Unsurprisingly, conducting a systematic review is a resource-intensive process. Although the amount of time taken to complete health reviews varies greatly [10], 15 months has been an estimate from both a systematic review [11] and a simulation study [12]. Cochrane suggests reviewers should prepare to spend 1 to 2 years [13], yet only half of the reviews are completed within 2 years of protocol publication [14]. Andersen et al. also report that median time-to-publication has been increasing. A worrying estimate from before the COVID-19 pandemic was that 25% of reviews were outdated within 2 years of publication due to the availability of new findings [15]. During the pandemic, 50% of remdesivir reviews were outdated at the time of publication [16]. Furthermore, resource use does not necessarily end with the publication of a review: many reviews—notably those published by Cochrane and health technology assessments in rapidly advancing fields such as cancer treatment—must be updated [17].

ML offers the potential to reduce resource use, produce evidence syntheses in less time, and maintain or perhaps exceed the current expectations of transparency, reproducibility, and methodological rigor. One example is the training of binary classifiers to predict the relevance of unread studies without human assessment: Aum and Choe recently used a classifier to predict systematic review study designs [18], Stansfield and colleagues to update living reviews [19], and Verdugo-Paiva and colleagues to update an entire COVID-19 database [20].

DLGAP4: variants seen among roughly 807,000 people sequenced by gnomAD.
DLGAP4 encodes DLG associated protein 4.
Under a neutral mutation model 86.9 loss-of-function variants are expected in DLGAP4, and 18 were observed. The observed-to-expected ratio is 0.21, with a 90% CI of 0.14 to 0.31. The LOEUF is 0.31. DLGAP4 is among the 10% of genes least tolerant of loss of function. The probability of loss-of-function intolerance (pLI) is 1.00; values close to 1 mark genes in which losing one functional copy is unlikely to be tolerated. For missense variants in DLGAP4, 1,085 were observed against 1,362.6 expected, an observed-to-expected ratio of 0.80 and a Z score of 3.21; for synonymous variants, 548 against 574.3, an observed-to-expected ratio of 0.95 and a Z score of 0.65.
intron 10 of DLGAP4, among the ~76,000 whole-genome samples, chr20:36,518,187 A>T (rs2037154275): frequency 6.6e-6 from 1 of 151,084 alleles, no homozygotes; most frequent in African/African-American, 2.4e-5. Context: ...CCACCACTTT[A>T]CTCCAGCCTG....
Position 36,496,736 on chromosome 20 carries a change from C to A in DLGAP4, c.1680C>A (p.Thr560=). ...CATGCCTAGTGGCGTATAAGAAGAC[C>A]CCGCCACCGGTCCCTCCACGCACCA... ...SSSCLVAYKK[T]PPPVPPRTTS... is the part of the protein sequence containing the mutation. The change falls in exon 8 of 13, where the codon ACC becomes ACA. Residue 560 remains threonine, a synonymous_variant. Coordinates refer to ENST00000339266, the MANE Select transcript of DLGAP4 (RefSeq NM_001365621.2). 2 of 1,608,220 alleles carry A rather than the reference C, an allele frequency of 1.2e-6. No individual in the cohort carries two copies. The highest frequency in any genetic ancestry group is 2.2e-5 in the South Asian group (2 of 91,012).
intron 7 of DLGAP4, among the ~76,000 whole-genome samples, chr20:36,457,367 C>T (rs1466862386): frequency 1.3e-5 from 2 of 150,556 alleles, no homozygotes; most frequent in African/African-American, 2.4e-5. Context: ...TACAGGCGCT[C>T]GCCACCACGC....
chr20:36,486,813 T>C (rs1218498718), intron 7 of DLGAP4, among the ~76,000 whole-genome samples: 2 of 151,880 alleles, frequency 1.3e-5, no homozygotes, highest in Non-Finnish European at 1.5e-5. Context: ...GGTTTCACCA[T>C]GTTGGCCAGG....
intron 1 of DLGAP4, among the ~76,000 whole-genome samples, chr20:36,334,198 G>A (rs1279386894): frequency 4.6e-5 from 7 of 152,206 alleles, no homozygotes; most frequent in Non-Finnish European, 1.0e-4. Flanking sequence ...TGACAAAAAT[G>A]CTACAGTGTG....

ML tools have been available for systematic reviewers for at least 10 years, yet uptake has been slow. In 2013, Thomas asked why automation tools were not more widely used in evidence synthesis [21]. Since then, an increasing amount of review software with ML functionalities are available [22, 23], including functionalities that map to the most time-intensive phases [1, 10]. The evidence in favor of time savings has grown with respect to specific review phases. O’Mara-Eves and colleagues’ review in 2015 found time savings of 40–70% in the screening phase when using various text mining software [24]; we reported similar or perhaps more (60–90%) time savings in 2021 [6]. Automatic classification and exclusion of non-randomized designs with a study design classifier saved Cochrane Crowd from manually screening more than 40% of identified references in 2018 [25]. We have also reported that categorizing studies using automated clustering used 33% of the time compared to manual categorization [26].